Over the last year, I’ve observed a recurring pattern:
- A pre-revenue (or low-revenue) start-up pitches an exciting new product or service. The start-up asks for a seed investment, with a budget showing that the new capital will provide approximately 18 months of runway. Projections show the start-up achieving target metrics for revenue, active users, customers, or the like within a year. After those milestones are reached, the start-up plans to raise additional financing at a significantly higher valuation.
- The team is impressive, the market seems substantial, and due diligence indicates that potential customers are eager to work with the start-up. Investors invest.
- 15 months later, the start-up is back. Everything is going great — but the software development scheduled slipped and the pilot customer loves the product but can’t make a decision on a purchase because of a management transition. The company’s success is inevitable. It just needs more time — and, therefore, more capital. Would the initial investors please provide a “bridge” investment?
My question is always “A bridge to where, exactly?”
It’s hard — for both companies and investors — to avoid the scenario above. Even entrepreneurs with extensive experience tend to underestimate difficulty, and Donald Rumsfeld‘s famous unknown unknowns crop up all too often.
For fear of dilution, founders are often reluctant to raise any more capital than seems absolutely necessary. And, raising a bigger round is difficult; if it’s hard to raise $1M, it’s even harder to raise $2M. Attracting more investors may require raising money at a lower valuation, which is doubly dilutive.
Because investors fear that founders without a meaningful stake (after follow-on fundraising) may not stay with the company, the company’s stage limits the amount of money it can raise. If a company needs $2m to reach its next milestone, it needs to be worth more than $5M, and that may well require more evidence of traction than the start-up can present.
Investors also have reasons to participate in rounds that may be too small. If the founder has enough other interest, investors have to choose between (a) the risk that the start-up runs out of money before reaching its milestones, and (b) missing out on an otherwise-attractive opportunity.
Anyhow, for one reason or another, companies regularly find themselves in the “we just need more time” situation, and at that point they seek more capital from existing investors.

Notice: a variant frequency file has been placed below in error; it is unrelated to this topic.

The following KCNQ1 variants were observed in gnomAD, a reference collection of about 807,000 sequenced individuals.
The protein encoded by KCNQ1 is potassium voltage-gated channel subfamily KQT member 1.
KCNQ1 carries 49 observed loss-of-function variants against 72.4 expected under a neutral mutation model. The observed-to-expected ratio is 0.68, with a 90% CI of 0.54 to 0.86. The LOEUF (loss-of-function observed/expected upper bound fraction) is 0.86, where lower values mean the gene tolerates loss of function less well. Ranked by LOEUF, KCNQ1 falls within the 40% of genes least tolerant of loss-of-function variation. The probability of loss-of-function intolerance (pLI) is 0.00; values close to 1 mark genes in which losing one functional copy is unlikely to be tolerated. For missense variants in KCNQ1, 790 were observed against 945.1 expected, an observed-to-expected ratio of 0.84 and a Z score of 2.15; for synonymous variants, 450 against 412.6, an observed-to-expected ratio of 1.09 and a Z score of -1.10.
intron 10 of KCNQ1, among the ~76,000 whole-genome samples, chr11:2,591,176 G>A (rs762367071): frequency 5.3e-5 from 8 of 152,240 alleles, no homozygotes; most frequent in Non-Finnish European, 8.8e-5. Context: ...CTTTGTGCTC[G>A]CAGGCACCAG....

Companies raising bridge financing often use a pitch similar to that for their initial raise. They explain their product or service, provide evidence that there is a large market, describe the background of key employees, show evidence of traction. When the company did their initial pitch, these elements formed a compelling story: brilliant people identified a great opportunity, and just needed capital. But, as the initial pitch included projections, and as those projections proved incorrect, the vision that still seems so powerful to the founders seems less inevitable to investors.
Therefore, I always encourage start-ups in this stage to provide a plan showing milestones that are (largely) under the start-up’s control and achievable with the new capital. For example, if early customers said that they would buy the start-up’s software if only it included a particular feature, then it is rational to invest the capital required to develop that feature. If the company needs more active users to drive follow-on investment, and the start-up has proven that online advertising drives user growth, then it is rational to invest the capital required to fund that advertising effort. But, if the company can only say that they need to do more software development, or that they need to hire an experienced VP of marketing, I am not likely to invest.
Even pitch deck includes a slide titled “Use of Funds.” For a company seeking a bridge investment, that slide should not be a pie chart showing how much money will be allocated to what expense categories; it should be a list of milestones and associated costs.
If you’re asking me to help you build a bridge, I want to see blueprints.